The widespread opioid crisis has affected millions of people in the United States. It seem as if everyone has a friend, family member or coworker who has experienced opioid addiction. There is currently a nationwide effort to curb the abuse of opioids, but combating these dangerous drugs will be an uphill battle.

One of the drugs that has significantly contributed to the opioid crisis is fentanyl. Many people had not heard of this powerful medication until recently, but it has been around for many years– and is one of the main culprits of the current crisis.

Understanding fentanyl

Fentanyl is a type of synthetic opioid. Its makeup is similar to morphine–except fentanyl is 50 to 100 times more powerful. Generally, fentanyl must be prescribed by a doctor due to its potency and addictive qualities. It is usually used to treat pain after surgery, although it is also prescribed to patients who have severe or chronic pain.

Over the past several years, many doctors began over-prescribing fentanyl for patients whose conditions did not necessarily warrant it. As a result, the rate of fentanyl dependency spiked. Underground laboratories began selling non-pharmaceutical variations that are often ingested as a pill, powder or mixed with cocaine and other street drugs.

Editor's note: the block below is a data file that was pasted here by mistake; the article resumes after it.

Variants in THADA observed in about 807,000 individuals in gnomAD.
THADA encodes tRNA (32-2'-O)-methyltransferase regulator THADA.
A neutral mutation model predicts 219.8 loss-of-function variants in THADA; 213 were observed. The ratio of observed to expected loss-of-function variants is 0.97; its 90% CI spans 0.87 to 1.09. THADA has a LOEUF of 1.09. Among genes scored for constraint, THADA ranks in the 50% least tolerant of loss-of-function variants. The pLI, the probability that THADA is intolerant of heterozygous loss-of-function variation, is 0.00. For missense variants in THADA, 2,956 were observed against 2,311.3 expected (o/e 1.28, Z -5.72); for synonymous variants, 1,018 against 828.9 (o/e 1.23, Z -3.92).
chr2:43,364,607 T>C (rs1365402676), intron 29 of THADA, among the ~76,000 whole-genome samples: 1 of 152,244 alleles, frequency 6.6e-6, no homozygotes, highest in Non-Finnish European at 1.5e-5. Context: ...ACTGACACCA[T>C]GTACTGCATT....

The effects of fentanyl

Fentanyl binds to the body’s opioid receptors, producing feelings of intense euphoria. The high that fentanyl induces can be even stronger than that of heroin. Aside from its strong addictive qualities, fentanyl poses another serious threat. Because the brain’s opioid receptors are in the same area of the brain that controls breathing, high doses of fentanyl can cause the user to suddenly stop breathing. In addition, the drug’s strength poses a significant risk of overdose, even in small amounts.

Criminal consequences

It is a sad reality that some addicts turn to crime in order to fuel their addictions. Possessing fentanyl without a prescription can have serious legal consequences, as does distributing or selling the drug. The penalties include fines, mandatory drug and alcohol counseling, probation and even jail time. Any Bay Staters who are struggling with fentanyl addiction are encouraged to seek treatment.